• However, a patent may also be filed as a complete patent in the first instance, i.e. without having filed a prior provisional patent application.
  • The Registrar examines the complete patent application (also referred to as a non-provisional application) and if found in order, according to the requirements of the SA Patent Act, is published in the Patent and Trademark Journal. Once granted, it is valid for a period of 20 (twenty) years subject to the payment of an annual renewal fee as from the end of the 3rd year from the date on which the complete patent application was filed.
  • The Registrar does not conduct novelty searches; it is the responsibility of the client to personally conduct a search at the Pretoria. Therefore South Africa has a so-called "Registration Granting System", and not an "Examination Granting System" — this means that although the patent may have been accepted, it may exist in a foreign country and therefore be considered invalid.
  • If you would like to establish the novelty of your idea or any infringements your invention may cause, you can conduct patent searches at the RSA Patent Office or overseas at a Foreign Patent Office or the International Search Institute. Name searches can be done both in the name of the inventor and the proprietor.
  • According to the International Patent Convention, an applicant can file an application in another country and claim a priority date, which will then be dated the same as the original South African application.
14. Two types of design protection.
The Designs Act 195 of 1993 provides for the registration of two types of designs:
  • Aesthetic designs: these have features that are judged purely by their beauty and appeal to the eye. They have to be new and original. Protection is offered for a period of 15 (fifteen) years from filing, subject to the payment of the annual renewal fees as from the end of the 3rd year from the filing date.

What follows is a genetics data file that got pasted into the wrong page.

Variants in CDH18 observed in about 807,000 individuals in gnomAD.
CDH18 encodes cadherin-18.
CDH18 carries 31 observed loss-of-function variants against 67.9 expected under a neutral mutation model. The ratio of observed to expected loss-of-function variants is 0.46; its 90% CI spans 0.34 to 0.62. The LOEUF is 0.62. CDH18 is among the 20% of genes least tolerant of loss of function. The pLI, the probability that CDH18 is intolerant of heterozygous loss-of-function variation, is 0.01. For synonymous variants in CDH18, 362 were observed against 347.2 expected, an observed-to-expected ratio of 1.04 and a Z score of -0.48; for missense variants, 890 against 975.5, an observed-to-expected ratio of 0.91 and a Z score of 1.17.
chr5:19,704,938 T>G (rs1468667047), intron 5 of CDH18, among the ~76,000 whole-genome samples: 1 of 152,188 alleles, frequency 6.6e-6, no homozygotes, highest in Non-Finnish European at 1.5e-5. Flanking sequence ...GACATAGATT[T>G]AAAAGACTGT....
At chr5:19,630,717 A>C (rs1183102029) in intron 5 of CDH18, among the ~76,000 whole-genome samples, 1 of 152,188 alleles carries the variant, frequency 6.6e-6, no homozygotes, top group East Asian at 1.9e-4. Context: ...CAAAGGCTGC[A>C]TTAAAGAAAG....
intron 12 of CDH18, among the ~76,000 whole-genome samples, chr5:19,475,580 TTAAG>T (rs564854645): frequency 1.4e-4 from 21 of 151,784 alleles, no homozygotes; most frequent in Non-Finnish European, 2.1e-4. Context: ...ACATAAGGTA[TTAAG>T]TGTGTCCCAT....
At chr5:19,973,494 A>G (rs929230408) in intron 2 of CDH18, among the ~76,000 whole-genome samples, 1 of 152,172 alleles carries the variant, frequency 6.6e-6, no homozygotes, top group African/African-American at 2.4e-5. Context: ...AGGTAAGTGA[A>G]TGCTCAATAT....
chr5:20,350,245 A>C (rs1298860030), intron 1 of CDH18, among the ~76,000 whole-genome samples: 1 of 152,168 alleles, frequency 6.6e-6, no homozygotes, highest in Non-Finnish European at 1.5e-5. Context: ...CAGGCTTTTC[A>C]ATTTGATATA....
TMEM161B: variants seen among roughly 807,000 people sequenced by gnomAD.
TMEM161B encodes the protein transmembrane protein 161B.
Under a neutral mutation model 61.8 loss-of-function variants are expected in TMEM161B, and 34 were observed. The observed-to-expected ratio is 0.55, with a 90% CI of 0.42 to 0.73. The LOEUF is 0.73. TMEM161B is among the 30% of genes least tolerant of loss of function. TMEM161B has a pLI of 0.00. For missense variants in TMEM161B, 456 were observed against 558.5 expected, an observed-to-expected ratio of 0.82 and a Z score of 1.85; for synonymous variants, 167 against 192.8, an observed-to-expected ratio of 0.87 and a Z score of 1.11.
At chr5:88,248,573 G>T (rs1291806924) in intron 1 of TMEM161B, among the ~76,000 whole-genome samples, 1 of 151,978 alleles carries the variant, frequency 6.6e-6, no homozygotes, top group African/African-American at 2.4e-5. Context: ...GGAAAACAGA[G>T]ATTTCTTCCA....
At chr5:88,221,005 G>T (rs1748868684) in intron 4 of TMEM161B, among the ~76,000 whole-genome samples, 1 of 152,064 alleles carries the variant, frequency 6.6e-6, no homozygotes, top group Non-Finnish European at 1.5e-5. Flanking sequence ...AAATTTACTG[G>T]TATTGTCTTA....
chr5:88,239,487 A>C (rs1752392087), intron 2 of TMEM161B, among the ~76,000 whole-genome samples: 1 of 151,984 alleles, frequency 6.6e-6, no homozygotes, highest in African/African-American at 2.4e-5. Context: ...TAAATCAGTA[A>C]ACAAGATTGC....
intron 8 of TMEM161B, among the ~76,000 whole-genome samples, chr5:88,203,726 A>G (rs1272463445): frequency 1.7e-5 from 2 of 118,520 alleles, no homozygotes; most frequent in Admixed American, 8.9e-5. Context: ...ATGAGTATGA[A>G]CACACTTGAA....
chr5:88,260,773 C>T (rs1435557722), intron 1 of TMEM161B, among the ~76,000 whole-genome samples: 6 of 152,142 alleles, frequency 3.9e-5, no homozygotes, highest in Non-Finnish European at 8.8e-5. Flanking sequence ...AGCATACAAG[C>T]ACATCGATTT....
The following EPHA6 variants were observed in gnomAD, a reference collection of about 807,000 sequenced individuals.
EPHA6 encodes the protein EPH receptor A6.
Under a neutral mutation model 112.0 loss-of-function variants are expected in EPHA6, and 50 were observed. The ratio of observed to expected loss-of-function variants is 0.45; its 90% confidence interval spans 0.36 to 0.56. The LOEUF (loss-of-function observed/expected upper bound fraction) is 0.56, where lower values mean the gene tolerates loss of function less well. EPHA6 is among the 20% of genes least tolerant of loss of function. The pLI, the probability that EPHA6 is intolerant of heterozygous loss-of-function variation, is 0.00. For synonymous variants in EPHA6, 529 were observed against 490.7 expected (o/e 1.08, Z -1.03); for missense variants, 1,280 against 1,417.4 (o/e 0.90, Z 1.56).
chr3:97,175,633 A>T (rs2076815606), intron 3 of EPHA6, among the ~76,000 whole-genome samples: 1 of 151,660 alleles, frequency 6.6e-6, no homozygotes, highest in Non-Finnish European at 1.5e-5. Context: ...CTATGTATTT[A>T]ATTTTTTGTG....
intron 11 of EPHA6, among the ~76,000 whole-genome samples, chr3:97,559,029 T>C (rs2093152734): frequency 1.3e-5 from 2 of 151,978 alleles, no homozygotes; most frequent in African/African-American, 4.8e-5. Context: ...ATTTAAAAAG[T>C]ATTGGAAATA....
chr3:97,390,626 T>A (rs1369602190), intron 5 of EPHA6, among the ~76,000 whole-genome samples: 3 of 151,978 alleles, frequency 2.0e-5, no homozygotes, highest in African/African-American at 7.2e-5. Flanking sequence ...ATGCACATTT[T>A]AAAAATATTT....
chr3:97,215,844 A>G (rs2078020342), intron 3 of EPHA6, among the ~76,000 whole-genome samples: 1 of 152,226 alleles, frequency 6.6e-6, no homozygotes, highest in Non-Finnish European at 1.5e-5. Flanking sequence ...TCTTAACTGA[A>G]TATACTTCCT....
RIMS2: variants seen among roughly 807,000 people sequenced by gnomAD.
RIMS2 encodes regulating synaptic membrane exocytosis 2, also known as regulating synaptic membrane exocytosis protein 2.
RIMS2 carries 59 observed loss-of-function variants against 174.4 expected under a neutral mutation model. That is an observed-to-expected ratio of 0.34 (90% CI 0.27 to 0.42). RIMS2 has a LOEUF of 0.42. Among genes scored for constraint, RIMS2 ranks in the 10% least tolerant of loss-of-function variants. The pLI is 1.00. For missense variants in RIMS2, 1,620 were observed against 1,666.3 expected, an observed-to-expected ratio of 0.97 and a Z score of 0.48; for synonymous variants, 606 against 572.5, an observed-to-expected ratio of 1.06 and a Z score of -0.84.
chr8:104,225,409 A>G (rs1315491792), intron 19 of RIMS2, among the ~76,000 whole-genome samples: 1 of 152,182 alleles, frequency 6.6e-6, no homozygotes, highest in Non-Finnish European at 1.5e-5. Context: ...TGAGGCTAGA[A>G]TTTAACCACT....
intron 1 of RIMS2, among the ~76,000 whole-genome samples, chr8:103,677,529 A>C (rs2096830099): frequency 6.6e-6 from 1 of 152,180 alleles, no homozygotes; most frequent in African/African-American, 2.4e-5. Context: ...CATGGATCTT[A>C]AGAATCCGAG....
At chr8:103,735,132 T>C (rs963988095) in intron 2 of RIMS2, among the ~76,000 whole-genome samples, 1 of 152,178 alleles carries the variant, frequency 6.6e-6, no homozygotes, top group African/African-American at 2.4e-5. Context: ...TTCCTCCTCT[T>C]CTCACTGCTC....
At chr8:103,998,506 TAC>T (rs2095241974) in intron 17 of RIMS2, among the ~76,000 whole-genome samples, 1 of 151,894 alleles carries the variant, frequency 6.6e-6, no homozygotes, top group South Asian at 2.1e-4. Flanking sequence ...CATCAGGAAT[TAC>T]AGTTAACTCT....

• Functional designs:these have features that indicate their function, as well as being aesthetically pleasing to the eye. The design has to be new, as well as the artwork. Protection is offered for a period of 10 (ten) years from filing, subject to the payment of the annual renewal fees as from the end of the 3rd year from the filing date.
15. How do you register for design protection?
  • First step in registering a design is to fill out Form D1 (Application and Acknowledgement) in duplicate, attach a R110 revenue stamp.
  • Complete forms D2 (Register of Designs) and D3 (Power of attorney and declaration) in duplicate.
  • Submit forms D6 (Definitive Statement and Explanatory Statement, i.e. protection is sought for the shape and configuration of the design). D8 Publication Particulars, i.e. a brief statement of the features of the design, (not more than 120 words) in duplicate. All documentation must be submitted to the Registrar of Designs, Private Bag X400, Pretoria, 0001. Tel: (012) 310-8771, Fax: (021) 323-4257.
  • Along with these forms, 7 identical representations of each design needs to be submitted in the form of drawings, photographs or samples. They should each be of an A4 size. Minimum margins are top 20mm, left side 25mm, right side 15mm, and bottom 10mm. More than one figure may be represented on a single sheet. Simple and clear reference symbols may be used, and should be clearly represented to ensure satisfactory photocopy reproduction.
  • The name of the applicant, the number of sheets submitted and the number of each sheet should be clearly written at the top of each sheet. The applicant's signature should be at the bottom of each sheet.
Source:The Centre for Opportunity Development
*Please note that the Centre for Opportunity Development does not accept any responsibility for misinterpreted or outdated information.
When in doubt you should consult with the South African Patent & Trademark Office, patent attorney/agent or trademark attorney